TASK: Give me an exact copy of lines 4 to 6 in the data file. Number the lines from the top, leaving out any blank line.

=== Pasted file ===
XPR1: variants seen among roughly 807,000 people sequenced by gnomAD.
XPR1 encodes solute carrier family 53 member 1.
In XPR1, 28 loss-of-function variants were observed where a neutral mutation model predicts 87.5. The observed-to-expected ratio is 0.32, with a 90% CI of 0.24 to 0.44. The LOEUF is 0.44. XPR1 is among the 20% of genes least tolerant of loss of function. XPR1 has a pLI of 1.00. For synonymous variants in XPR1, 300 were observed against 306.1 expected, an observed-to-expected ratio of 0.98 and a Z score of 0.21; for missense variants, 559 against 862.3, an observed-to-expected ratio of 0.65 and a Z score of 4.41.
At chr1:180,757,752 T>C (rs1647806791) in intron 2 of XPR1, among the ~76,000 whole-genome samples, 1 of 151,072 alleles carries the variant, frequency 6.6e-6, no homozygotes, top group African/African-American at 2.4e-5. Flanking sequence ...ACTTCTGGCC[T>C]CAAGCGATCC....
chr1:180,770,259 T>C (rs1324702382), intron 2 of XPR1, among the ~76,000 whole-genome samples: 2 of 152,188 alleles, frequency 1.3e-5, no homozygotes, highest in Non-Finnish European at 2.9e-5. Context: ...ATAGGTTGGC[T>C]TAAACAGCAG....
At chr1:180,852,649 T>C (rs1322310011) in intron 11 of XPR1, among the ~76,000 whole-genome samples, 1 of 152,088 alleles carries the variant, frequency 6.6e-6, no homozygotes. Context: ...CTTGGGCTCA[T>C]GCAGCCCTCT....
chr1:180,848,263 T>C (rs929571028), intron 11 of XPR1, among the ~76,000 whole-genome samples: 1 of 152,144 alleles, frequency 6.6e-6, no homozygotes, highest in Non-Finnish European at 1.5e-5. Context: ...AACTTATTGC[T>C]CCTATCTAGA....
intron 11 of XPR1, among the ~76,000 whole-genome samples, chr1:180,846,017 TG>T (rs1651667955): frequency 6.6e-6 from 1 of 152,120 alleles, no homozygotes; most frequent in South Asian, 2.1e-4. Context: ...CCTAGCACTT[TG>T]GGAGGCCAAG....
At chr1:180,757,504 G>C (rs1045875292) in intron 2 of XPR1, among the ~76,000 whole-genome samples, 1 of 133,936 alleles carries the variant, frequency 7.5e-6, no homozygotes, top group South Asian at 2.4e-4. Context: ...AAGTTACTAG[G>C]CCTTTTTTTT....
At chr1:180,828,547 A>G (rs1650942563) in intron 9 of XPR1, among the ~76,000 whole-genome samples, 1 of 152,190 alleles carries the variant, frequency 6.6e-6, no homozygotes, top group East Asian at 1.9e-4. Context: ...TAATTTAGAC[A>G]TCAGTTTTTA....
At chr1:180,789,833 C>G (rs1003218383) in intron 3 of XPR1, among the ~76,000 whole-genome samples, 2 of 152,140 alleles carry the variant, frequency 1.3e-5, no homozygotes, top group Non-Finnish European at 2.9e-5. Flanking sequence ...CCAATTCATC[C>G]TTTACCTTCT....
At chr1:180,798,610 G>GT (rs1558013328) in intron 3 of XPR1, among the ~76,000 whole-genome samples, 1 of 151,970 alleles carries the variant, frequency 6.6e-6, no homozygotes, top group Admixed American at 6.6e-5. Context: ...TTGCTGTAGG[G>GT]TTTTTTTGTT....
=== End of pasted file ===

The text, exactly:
At chr1:180,757,752 T>C (rs1647806791) in intron 2 of XPR1, among the ~76,000 whole-genome samples, 1 of 151,072 alleles carries the variant, frequency 6.6e-6, no homozygotes, top group African/African-American at 2.4e-5. Flanking sequence ...ACTTCTGGCC[T>C]CAAGCGATCC....
chr1:180,770,259 T>C (rs1324702382), intron 2 of XPR1, among the ~76,000 whole-genome samples: 2 of 152,188 alleles, frequency 1.3e-5, no homozygotes, highest in Non-Finnish European at 2.9e-5. Context: ...ATAGGTTGGC[T>C]TAAACAGCAG....
At chr1:180,852,649 T>C (rs1322310011) in intron 11 of XPR1, among the ~76,000 whole-genome samples, 1 of 152,088 alleles carries the variant, frequency 6.6e-6, no homozygotes. Context: ...CTTGGGCTCA[T>C]GCAGCCCTCT....